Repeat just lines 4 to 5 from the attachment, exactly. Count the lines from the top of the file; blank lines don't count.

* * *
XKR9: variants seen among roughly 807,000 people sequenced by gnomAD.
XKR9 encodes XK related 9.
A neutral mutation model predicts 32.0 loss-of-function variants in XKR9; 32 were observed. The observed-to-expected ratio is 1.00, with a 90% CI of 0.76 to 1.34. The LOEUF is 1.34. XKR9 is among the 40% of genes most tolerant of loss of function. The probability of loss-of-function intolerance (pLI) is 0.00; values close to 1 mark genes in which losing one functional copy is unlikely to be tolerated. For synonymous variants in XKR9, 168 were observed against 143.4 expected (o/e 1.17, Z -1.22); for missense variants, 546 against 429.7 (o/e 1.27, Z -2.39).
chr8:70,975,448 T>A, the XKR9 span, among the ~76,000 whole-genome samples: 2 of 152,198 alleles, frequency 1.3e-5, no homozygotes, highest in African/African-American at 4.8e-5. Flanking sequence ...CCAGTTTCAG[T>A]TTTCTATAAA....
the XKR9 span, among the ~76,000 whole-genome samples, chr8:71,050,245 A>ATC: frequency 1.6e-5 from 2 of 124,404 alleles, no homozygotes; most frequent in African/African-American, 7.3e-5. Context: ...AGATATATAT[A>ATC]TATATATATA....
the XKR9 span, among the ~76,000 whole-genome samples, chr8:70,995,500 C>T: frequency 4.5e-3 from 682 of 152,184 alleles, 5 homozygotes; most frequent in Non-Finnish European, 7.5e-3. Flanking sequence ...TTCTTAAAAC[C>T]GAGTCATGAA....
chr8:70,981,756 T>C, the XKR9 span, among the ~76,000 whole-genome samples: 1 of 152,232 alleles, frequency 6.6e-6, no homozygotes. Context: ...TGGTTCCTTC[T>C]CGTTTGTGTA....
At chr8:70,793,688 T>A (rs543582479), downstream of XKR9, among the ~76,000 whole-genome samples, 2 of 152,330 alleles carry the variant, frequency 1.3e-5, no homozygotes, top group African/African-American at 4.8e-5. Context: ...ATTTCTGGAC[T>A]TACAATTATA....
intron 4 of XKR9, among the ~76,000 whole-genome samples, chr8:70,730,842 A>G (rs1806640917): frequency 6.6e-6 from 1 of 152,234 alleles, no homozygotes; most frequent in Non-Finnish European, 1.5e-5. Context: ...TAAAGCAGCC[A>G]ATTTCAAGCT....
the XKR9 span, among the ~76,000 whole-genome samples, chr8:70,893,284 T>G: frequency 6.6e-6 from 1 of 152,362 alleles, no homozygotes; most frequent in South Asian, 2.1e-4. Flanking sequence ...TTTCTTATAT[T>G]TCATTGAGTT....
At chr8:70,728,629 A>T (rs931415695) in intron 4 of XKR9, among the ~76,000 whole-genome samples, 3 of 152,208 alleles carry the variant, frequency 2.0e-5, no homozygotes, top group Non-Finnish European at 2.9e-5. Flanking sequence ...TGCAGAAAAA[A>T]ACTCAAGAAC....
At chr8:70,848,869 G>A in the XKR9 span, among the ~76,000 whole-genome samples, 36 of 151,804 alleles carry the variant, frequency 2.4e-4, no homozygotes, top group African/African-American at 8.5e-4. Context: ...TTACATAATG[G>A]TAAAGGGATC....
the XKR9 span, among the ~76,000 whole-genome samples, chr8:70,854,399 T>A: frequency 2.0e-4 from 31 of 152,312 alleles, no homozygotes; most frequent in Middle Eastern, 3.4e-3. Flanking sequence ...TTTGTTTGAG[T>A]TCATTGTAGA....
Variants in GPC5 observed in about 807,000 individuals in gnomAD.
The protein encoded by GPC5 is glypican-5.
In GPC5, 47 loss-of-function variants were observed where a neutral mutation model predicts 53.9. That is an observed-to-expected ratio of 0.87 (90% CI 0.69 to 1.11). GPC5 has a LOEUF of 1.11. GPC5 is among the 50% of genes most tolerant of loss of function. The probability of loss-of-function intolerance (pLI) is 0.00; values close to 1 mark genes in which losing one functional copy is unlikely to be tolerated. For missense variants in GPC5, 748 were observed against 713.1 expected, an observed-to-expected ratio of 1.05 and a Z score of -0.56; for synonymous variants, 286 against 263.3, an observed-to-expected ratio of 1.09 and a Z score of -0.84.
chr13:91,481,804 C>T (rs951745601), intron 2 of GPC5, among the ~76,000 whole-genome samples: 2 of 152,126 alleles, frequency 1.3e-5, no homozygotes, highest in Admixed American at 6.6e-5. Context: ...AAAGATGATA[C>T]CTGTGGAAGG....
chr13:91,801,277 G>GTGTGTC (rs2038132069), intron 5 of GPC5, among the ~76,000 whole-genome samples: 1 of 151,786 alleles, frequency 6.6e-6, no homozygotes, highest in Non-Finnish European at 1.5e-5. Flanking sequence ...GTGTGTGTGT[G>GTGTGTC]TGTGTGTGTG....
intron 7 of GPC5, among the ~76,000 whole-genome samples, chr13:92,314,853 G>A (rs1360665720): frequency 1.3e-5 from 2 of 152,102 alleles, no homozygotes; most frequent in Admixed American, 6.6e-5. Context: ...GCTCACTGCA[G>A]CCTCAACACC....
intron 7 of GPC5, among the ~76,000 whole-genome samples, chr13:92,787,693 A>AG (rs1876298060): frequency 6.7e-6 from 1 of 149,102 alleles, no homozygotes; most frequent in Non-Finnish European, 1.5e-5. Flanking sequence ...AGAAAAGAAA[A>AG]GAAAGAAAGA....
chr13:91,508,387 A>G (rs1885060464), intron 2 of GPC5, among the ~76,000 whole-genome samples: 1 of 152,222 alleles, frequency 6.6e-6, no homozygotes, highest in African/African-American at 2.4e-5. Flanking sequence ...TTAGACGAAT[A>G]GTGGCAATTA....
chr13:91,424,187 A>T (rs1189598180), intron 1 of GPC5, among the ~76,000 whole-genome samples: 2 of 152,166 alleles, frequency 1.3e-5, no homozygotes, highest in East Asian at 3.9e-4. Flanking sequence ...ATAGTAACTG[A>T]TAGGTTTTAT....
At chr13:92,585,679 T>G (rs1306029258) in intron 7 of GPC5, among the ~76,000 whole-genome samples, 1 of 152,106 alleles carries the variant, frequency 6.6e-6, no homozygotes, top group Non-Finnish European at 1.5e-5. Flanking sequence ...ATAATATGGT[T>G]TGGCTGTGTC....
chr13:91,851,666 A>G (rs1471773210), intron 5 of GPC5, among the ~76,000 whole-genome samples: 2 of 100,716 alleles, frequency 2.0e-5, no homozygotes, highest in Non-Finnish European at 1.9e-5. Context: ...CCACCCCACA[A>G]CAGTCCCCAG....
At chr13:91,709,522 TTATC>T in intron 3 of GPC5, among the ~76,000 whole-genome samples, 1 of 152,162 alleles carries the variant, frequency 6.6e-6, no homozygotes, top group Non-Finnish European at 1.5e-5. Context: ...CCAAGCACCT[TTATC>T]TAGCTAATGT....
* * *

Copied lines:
chr8:70,975,448 T>A, the XKR9 span, among the ~76,000 whole-genome samples: 2 of 152,198 alleles, frequency 1.3e-5, no homozygotes, highest in African/African-American at 4.8e-5. Flanking sequence ...CCAGTTTCAG[T>A]TTTCTATAAA....
the XKR9 span, among the ~76,000 whole-genome samples, chr8:71,050,245 A>ATC: frequency 1.6e-5 from 2 of 124,404 alleles, no homozygotes; most frequent in African/African-American, 7.3e-5. Context: ...AGATATATAT[A>ATC]TATATATATA....